Suzi and I hope you enjoy this Sunday with its very special game. We hope Peyton can end his career with a win.
I did not post anything yesterday. I'll be back at it Monday.
Actually, Suzi and I are in a bit of recovering mode. You may have heard about the terrible crane accident in New York City. It occured right in front of our apartment. I mean, twenty feet outside our front door.
The first photo is from our third storey front window, showing the crane cab that was flicked upside down. The cab and its counterweights weighted perhaps 400,000 pounds. The slam into the street woke Suzen. I was out for a doctor's appointment and she gave me a phone call beginning with, "The crane fell." We'd been watching the 565 foot tower for a week and worried about stability.
The second picture is from our side window, pointing east of Worth Street. You can see the tower stretching all the way up the street for a long way. If the tower had fallen sideways, instead, someone else would be writing this blog.
The Super Bowl deserves a Super Beverage. This is it. Whiskey, rum, and fruit juice galore.
I recently posted review of Whiskey Cocktails by Warren Bobrow. This collection of cocktails gems can only be described as imaginative. It’s a book about both cocktails and the various versions of whiskey that we find around the world.
Most commonly, whiskey is made from corn, 100% corn. We hear “whiskey” and we think “corn mash.” But there are options, like rye. There’s scotch, which legally can only be made in Scotland, from barley.
But wheat is a grain option too. In the United States, to have the “wheat” label the mash has to be at least 51% wheat. The result is a whiskey that Warren says is softer in the mouth and with a longer finish.
This cocktail, Tropicalista Sunrise, may have you imagining beaches and paper umbrellas stuck in the glass with pineapple slices and rum. There is rum here, no umbrellas this time, but a citrus garnish is most welcome.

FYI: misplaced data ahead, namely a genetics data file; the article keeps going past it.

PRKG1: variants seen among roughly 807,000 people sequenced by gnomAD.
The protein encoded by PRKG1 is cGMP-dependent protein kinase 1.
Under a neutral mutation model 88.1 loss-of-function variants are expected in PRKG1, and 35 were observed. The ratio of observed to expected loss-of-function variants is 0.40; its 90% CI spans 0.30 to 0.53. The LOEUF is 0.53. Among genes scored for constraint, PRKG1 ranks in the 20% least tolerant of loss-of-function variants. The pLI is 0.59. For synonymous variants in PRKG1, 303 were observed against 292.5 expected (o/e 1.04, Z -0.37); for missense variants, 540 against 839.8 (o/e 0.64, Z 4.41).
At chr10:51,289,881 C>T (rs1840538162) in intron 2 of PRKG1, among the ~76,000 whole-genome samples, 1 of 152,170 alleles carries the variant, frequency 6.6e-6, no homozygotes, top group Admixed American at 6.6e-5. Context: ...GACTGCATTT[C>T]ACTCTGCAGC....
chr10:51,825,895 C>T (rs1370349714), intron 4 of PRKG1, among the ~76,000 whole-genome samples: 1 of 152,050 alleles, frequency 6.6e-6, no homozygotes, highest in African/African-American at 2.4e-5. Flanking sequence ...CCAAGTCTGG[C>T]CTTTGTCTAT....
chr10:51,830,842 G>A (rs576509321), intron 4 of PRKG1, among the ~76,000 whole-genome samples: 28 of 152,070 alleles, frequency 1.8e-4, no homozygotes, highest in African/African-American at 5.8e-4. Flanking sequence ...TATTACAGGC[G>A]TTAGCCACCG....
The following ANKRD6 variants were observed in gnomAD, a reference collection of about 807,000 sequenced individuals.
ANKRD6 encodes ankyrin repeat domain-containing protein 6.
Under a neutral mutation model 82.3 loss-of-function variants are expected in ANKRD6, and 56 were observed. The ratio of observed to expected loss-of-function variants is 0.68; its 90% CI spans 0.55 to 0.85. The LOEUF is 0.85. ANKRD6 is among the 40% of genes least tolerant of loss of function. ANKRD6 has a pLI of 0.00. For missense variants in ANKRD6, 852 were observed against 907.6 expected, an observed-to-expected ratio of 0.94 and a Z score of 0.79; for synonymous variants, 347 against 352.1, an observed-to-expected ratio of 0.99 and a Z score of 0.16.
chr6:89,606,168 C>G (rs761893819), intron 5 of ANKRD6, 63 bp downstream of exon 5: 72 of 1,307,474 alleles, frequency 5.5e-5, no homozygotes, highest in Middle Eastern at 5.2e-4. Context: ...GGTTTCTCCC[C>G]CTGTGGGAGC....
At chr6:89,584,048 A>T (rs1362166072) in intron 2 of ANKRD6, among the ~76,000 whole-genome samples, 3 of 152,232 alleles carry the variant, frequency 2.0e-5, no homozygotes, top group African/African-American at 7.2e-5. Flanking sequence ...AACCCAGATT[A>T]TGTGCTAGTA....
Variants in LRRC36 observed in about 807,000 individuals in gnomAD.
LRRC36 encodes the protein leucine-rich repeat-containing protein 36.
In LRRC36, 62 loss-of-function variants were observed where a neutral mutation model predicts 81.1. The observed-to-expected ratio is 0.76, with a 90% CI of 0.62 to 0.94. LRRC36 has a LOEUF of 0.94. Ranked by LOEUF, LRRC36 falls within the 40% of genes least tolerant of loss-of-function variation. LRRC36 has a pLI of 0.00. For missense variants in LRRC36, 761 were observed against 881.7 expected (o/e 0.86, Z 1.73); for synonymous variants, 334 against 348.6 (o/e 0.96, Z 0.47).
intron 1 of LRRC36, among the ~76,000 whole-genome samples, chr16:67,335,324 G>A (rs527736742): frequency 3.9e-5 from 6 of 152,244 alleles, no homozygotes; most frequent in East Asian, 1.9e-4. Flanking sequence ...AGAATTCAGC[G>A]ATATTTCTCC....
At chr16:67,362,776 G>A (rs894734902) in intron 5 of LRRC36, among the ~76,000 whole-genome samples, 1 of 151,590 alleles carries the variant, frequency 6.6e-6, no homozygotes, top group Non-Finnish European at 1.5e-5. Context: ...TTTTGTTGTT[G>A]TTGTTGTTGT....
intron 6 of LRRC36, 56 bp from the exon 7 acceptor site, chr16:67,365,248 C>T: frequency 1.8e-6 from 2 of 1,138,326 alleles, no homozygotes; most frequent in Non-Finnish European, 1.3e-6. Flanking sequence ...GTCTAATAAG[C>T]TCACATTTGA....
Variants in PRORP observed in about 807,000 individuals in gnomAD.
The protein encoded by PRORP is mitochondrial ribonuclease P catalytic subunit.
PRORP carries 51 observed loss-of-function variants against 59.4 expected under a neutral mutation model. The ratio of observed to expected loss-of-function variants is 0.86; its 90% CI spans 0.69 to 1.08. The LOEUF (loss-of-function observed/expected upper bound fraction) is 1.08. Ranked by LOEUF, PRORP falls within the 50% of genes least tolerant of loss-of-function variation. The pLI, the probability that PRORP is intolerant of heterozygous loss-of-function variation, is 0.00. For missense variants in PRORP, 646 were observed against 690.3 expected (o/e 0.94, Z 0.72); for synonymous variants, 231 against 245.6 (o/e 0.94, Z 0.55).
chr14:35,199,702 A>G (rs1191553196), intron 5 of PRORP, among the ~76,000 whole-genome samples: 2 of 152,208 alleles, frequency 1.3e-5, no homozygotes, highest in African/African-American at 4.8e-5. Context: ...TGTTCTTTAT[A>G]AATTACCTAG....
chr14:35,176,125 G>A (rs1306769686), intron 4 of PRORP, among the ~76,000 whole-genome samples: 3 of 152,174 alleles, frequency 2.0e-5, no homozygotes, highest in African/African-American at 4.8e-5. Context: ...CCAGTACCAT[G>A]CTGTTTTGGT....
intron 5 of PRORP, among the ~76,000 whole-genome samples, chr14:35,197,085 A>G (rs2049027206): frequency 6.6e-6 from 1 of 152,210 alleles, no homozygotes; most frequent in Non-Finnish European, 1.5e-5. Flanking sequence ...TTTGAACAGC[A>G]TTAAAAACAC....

The recipe here calls for Homemade Grenadine Syrup. Warren is all about doing things from scratch, but you can cut a corner here. However, I do encourage you to get his book, Whiskey Cocktails, and try this and his other wonderful syrup idea.
Ah, and the recipe calls for Grilled Pineapple Juice. I’ve made this cocktail by cutting a second corner and just opening a can. Still a great cocktail. If you want to make the grilled juice, just grill some pineapple slices until they begin to char. Cool, put into a blender, and strain. Yes, the can is simpler. And I apologize to Warren.
Yield: one portion
3 ounces (90 ml) Grilled Pineapple Juice
½ ounce (15 ml) Homemade Grenadine Syrup
2 ounces (60 ml) wheat whiskey
½ ounce (15 ml) dark rum (try twelve-year-old rum aged in bourbon oak casks, if at all possible; the deep vanilla-smoke flavors in each sip are too good to miss)
¾ ounce (22 ml) freshly squeezed orange juice, strained
1 ounce (30 ml) freshly squeezed grapefruit juice, strained Pinch of sea salt
2 ounces (60 ml) club soda
Add the first six ingredients to a mixing glass with a few chunks of ice. Stir well. Add the pinch of sea salt (don’t skip the salt: It's an essential ingredient!) and stir again. Add one large cube of hand-cut ice to a rocks glass. Strain into rocks glasses, top with the club soda, and then garnish each glass with a spear of grilled pineapple and a lemon zest twist, squeezing it gently to release its fragrant oils. Serves two thirsty heads.
Source: Whiskey Cocktails by Warren Bobrow [Fair Winds, 2014]
If you have cookbook collection from the last 20 years, there’s a good chance that you have one of the many tomes by Joyce Goldstein. She is, in a word, prolific.
This work, Enoteca: Simple Delicious Recipes in the Italian Wine Bar Tradition, was published in 2001 and is as lovely today as back then. And, this week as Super Bowl approaches, it’s a wonderful source for those “little but wonderful” snacks we all crave on Sunday.
We watch the game, of course, but also the commercials. It’s difficult to arrange a bio break. So all food and beverages really have to be staged in advance. Rather than do the standard wings or nachos, let’s look at the chapters in this book and some of ideas you can sample this Sunday:
Fritters and Frittatas: Saffron Rice Croquettes, Meat-Stuffed Deep-Fried Olives
Savory Pastries and Breads: Rustic Meat and Cheese Pie, Chicken Liver Crostini
Pastas and Grains: Stuffed Pasta Rolls with Spinach, Ricotta and Prosciutto; Pasta Gratin with Leeks, Sausages, and Mushrooms
Fish and Shellfish: Sicilian Swordfish Rolls, Shrimp Wrapped in Pancetta
Meat and Poultry: Duck Beast with Balsamic Vinegar and Orange, Little Pork Meatballs from Bari
Vegetables: Potato Pie from Apulia, Sweet Pepper Ragout
Cheese: Cheese Crisp from Friuli, Stuffed Figs with Bay and Fennel
There are some old friends here, like the Pork Meatballs from Bari, but these are made with a combo of veal and pork with pecorino and then deep fried. Speaking of frying, how about those Meat-Stuffed Deep-Fried Olives?
These are all tapas style dishes, smallish nibbles designed to let you nosh for hours. In a couple of hours on Sunday afternoon, you can knock off a few of these treats and be well-prepared for all four quarters.
You might want to make a couple of extra dishes, just in case we go to overtime.
Beyond this Sunday, Enoteca is a resource for you to turn to every time a dinner party is on your agenda. Authentic regional Italian recipes are always welcome.